NTFS log provides file system recoverability by logging, or recording, the operations required for any transaction that alters important file system data structures. This is done before these operations are carried through on the disk. This process ensures that if the system crashes, partially completed transactions can be redone or undone when the system comes back online

    As I understand it, the idea behind journaling is that any NTFS structural changes are logged to the drive first, before the file data changes (held in a cache) are actually written to/deleted from the drive. This protects the NTFS data structures so recovery to a stable state is possible in the event of system crashes, power failure, etc. (...including unplugging a USB NTFS drive). But obviously it doesn't protect the actual data to be stored in those structures if the data isn't yet written to the drive.

    So as I understand it, even if the file is quite large, the NTFS journaling includes logging of files names, logging where on the drive data is to be written/deleted, etc. Logging these events involves a trivial amount of metadata that can be written to the drive almost instantly/immediately from a human perspective, and is written before the writing of relevant data, so the NTFS logging events are not really a meaningful source of delays the user has to be concerned about. I could be wrong, but I'm assuming the OS won't represent to the user that the operation is completed before this crucial NTFS logging occurs. Then the remaining operations necessary to write the actual data to the drive occur (with each step in the process is also logged almost instantly in NTFS journal). What could take longer is flushing data from the cache and writing it to the drive, transferring large amounts of data over a limited USB transfer rate connection, etc. But unless another change is made to the file, no further NTFS logging is needed to protect drive file system recoverability, even if data is still being written (although still unwritten file data won't be recoverable).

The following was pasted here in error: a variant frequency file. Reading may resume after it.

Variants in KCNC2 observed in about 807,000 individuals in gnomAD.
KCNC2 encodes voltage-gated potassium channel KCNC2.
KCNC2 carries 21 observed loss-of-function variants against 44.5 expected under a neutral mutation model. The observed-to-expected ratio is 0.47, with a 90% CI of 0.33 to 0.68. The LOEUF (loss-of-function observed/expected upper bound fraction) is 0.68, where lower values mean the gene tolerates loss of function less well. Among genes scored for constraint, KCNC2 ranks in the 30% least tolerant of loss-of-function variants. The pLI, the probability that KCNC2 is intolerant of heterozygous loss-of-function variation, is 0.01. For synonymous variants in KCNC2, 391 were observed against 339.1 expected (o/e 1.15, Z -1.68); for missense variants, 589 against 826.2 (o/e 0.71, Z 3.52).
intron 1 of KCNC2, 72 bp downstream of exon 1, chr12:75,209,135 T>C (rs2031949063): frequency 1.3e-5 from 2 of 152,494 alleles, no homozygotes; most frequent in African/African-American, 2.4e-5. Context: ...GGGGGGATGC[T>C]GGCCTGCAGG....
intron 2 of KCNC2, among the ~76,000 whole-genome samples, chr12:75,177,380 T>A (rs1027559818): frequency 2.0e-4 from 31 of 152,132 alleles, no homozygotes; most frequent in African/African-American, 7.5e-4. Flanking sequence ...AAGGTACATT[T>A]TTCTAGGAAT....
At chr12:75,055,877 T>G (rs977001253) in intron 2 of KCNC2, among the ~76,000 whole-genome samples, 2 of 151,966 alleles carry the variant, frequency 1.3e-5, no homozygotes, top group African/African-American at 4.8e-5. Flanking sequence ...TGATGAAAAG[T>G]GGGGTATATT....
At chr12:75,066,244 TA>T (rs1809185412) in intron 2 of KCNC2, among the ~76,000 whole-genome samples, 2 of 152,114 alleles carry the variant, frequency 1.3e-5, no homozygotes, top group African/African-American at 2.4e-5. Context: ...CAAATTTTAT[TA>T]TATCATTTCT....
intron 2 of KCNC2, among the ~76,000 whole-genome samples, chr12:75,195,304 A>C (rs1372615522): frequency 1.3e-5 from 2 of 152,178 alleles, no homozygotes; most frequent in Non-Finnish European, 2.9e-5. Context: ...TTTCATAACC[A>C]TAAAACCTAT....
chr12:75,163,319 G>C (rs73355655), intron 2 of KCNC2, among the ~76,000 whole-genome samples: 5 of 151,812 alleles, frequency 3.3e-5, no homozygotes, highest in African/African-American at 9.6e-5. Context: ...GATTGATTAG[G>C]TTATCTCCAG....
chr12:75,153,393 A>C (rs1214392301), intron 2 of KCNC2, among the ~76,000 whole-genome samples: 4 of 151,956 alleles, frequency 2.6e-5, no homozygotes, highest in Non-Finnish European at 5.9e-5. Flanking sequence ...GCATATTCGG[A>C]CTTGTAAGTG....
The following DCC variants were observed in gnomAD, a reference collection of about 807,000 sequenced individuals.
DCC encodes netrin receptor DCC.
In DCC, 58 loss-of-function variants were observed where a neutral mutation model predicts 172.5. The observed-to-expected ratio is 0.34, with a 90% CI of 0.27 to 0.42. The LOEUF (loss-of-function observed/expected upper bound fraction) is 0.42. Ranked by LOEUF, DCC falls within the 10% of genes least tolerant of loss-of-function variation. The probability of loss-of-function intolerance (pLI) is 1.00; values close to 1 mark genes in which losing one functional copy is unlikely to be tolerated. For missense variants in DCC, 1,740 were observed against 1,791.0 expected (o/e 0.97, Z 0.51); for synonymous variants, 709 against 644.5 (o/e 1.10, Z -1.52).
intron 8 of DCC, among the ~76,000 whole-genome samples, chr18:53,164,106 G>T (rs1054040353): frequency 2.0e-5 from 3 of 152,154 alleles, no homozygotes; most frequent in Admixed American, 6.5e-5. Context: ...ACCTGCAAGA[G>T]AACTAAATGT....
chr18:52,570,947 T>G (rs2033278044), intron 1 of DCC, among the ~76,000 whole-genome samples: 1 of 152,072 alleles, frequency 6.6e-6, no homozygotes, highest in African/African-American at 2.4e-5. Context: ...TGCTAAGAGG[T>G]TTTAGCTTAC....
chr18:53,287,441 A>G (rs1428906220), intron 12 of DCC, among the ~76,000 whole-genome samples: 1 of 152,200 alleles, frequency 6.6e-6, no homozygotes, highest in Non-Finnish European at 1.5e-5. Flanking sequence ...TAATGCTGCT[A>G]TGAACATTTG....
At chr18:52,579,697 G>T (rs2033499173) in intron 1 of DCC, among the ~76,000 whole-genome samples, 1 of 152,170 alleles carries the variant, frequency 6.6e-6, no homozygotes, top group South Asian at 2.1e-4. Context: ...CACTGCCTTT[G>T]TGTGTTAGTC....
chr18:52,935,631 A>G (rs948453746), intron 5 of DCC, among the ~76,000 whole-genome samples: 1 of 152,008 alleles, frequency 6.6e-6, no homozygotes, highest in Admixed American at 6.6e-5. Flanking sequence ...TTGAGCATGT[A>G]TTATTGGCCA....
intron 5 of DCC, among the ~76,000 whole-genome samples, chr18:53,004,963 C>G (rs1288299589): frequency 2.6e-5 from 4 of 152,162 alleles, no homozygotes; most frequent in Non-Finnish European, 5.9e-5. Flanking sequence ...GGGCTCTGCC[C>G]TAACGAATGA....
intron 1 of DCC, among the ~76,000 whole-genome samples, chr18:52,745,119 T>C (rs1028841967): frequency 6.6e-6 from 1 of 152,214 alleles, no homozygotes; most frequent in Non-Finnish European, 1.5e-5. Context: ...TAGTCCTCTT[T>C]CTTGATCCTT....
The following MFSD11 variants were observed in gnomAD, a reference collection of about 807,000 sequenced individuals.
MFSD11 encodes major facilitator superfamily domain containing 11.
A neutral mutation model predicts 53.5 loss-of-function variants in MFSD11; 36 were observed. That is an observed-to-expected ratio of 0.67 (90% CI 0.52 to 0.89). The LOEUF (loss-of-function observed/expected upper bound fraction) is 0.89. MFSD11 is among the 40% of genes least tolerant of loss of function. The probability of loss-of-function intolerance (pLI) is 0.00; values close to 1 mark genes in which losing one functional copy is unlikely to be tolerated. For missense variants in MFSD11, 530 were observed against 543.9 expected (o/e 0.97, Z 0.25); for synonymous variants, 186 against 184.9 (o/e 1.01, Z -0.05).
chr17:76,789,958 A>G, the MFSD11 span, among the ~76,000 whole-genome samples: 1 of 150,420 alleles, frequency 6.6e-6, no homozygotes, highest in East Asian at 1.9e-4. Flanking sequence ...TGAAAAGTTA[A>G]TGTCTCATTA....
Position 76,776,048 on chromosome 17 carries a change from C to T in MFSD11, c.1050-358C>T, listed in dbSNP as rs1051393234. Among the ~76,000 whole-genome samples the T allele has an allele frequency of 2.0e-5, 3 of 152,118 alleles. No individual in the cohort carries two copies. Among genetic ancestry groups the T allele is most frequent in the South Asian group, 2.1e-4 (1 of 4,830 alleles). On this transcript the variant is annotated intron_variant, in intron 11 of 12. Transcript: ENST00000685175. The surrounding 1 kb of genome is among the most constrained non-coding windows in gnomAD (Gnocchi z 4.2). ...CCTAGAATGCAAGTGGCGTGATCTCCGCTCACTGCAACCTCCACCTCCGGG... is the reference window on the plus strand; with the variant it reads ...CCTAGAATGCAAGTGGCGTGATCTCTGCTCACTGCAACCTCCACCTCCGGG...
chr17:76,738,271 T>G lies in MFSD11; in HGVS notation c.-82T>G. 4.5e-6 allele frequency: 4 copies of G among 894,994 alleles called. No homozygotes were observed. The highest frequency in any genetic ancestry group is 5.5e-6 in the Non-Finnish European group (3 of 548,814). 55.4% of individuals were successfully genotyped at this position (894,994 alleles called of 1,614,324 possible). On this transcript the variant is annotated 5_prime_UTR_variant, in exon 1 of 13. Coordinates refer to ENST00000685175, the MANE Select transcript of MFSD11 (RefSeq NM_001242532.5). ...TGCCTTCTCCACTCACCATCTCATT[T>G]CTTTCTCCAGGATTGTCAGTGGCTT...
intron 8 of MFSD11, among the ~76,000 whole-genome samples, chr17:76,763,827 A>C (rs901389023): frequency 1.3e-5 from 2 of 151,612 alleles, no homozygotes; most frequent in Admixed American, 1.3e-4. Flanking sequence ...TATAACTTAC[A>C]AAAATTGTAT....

Again per NTFS Transaction Journal:
    After a transaction is logged, the NTFS performs the sub-operations on the volume itself, in the cache. Finally, after the cache has been updated, NTFS writes another record to the log file, recording that the transaction has been completed.

    When a system is being recovered after a system failure, the NTFS reads through the log file and redoes each committed transaction. After that, the NTFS locates all of the transactions in the log file that weren't committed at the failure and rolls back.

    As I understand it, after the data has been flushed form cache and written to disk, the final NTFS logging event occurs to mark the process as complete. Again this involves a trivial amount of metadata that can be written to the drive almost instantly. If the file data itself hasn't yet been completely written to the drive, the final NTFS log file record showing the file is complete won't be there, and NTFS rollback will occur upon recovery. But once the data writing is complete, the NTFS log entry should occur almost instantly, and the drive can then be safely removed. (I'm pretty sure, but not 100%, this also means that if a very large file is only partly written, most of the written data will be recoverable. Depending on the type of data it may or may not be usable: i.e., a plain text file, an .mp3 file, or some types of video files that can be split anywhere might work as expected up to the point where the transfer ended.)

    Quote Originally Posted by gdv View Post
    So there could be data corruption if the drive is unplugged before those steps are completed.
    Quote Originally Posted by Enter View Post
    Yes, that's why one has to click "safely remove" to write the content of the cache to the drive. Actually I would assume, flushing the cache would have the same effect, but the error message keeps on popping up.